Saturday, 8 August 2015

Bye bye BAAF...

Well that was a shock wasn't it? Last Friday, just over a week ago, it was announced that BAAF - the British Association of Adoption and Fostering was closing, immediately. Here's the statement from the BAAF Chief Executive.

Through The Adoption Social I often see press releases, sometimes we get direct emails from adoption organisations asking us to share their news, but this news didn't arrive this way. I happened to see a tweet mid-afternoon on Friday and immediately got in touch with Sarah (from The Puffin Diaries, and my partner in crime on The Adoption Social) to see if she'd heard.

After sharing the link to the announcement on The Adoption Social's Facebook page, I soon started to see others sharing and retweeting it, all with the same level of shock. I don't have much direct experience with BAAF myself, but my timelines on Twitter and Facebook are full of surprise, I even saw a thread on Mumsnet about it!

Now, of course it's sad. Having been made redundant myself, I feel for those poor staff members who will be left without a job. But here's how I see it (based on the very limited information that's been put out there):

Most of the core services will be operated by Coram instead now. So, service users/adopters/professionals/adoptees should not lose out. It might work well for all of us too? Fresh eyes on those services might mean some of them change and improve.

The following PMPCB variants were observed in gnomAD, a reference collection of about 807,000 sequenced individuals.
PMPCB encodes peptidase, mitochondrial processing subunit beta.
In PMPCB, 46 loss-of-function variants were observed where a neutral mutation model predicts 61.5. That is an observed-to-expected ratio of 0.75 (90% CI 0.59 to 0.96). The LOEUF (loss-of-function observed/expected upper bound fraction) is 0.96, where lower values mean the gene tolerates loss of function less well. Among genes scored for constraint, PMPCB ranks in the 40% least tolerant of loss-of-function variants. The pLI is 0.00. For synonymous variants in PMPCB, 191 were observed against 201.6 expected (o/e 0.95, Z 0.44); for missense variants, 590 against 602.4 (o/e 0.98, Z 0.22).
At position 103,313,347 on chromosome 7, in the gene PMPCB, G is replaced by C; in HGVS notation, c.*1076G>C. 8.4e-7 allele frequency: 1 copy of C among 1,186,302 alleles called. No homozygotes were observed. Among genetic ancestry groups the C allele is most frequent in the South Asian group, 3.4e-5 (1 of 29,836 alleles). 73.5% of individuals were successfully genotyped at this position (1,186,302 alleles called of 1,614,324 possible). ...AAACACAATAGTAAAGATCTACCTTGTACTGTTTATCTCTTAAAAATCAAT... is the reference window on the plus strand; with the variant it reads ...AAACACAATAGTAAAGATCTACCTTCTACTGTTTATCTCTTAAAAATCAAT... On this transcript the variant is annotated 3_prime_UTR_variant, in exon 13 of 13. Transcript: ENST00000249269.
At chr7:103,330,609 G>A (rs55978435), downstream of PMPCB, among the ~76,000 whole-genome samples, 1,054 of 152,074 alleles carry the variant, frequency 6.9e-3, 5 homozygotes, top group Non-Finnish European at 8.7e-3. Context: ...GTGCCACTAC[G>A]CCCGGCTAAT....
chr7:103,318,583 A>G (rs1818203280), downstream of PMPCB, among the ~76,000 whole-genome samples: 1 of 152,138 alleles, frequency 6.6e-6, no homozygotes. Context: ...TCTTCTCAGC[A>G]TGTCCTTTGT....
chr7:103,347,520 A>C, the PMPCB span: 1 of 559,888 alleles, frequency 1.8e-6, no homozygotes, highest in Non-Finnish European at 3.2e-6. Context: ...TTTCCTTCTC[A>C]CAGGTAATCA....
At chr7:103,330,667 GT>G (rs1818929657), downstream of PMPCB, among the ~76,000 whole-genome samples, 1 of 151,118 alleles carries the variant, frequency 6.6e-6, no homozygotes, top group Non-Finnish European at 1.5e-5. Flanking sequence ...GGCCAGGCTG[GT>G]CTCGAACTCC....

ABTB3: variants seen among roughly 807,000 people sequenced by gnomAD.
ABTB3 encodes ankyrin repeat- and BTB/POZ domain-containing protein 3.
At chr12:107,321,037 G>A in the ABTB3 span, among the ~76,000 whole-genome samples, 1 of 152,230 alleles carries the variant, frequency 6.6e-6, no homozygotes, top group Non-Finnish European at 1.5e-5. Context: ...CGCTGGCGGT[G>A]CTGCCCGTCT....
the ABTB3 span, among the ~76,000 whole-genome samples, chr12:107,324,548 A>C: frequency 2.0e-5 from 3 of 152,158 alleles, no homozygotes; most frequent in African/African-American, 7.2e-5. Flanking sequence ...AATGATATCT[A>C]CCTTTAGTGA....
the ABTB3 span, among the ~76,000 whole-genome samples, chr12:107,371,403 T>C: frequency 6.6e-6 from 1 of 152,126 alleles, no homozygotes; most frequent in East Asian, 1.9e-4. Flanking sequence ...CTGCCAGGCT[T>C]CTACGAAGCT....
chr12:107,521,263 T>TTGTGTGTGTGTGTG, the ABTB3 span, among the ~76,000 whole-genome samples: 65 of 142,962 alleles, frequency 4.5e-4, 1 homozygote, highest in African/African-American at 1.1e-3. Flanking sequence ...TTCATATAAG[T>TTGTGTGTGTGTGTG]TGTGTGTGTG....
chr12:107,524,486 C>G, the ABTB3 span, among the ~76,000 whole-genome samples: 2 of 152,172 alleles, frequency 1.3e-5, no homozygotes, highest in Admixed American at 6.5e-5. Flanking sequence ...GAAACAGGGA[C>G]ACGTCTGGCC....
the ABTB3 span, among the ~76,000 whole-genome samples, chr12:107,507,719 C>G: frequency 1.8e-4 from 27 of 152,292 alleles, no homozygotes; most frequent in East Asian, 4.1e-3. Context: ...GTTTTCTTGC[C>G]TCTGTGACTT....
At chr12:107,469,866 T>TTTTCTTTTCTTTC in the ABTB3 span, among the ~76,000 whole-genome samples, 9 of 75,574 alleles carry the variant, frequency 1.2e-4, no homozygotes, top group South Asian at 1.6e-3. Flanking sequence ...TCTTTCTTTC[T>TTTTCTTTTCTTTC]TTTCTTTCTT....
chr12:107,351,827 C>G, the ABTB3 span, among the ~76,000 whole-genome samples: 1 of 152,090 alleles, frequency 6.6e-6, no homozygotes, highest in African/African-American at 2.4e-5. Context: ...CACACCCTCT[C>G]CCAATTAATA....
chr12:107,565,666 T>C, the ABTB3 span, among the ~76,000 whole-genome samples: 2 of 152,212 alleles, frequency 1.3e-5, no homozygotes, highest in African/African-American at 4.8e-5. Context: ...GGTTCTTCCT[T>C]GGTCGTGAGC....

Adoption Link - love them or loathe them - already run other services that fill in the gaps of the now Coram/CoramBAAF run services.

This leaves space for newer, forward thinking organisations. As one of the main players in the adoption support (and I use that term loosely) world, you really needed BAAF onside to get heard or taken seriously, but with their 'traditional' views, communication methods and services, this was always going to be difficult for new/alternative/activist/small/modern organisations. Perhaps the tide is turning?

Now is the time to look further to have your support needs met. You know, Adoption UK and BAAF are not the only adoption organisations that exist (or existed) - yes, there's Adoption Link and the First4Adoption website, there's Coram, Barnardo's and After Adoption. There's also The Open Nest, The Adoption Social, The Potato Group, individual adoptive parents, We Are Family, the new Single Adopters Network, The Yellow Kite, Post Adoption Centre, TACT, Family Futures and many more local organisations too. They might even be better placed to help you with your needs!

My concern however is that if BAAF can't sustain itself, then can these other organisations? What is the wider implication of BAAF closing it's doors?

And whilst Coram does a good job of supporting families in England, what of those in Ireland,  and Wales who will be losing out? (Scotland are being looked after as some services transfer to a Scottish organisation).
And how can Coram - even if the legal part is strictly speaking a separate entity - effectively and independently run the reviewing mechanism that they are taking on?

What are your thoughts? If you have a blog, then you can write a post and link up to The Adoption Social here. If you don't then please leave your comments below, or contact me and I might be able to offer you a guest spot here on The Boy's Behaviour.

Actual support is on it's way...

As you can probably tell from my lack of writing, life these days is pretty - dare I say it - normal.

Mini is happy at school, and happy that it's the school holidays. He's spending his days playing Clash of Clans, watching TV, bouncing on the trampoline, playing in the garden, drawing, on a trampoline course, at nanny and granddad's, baking with me and building dens. We've not had *too* many whines of boredom, though there's been a fair bit of bickering with Dollop. Can't have it all I guess.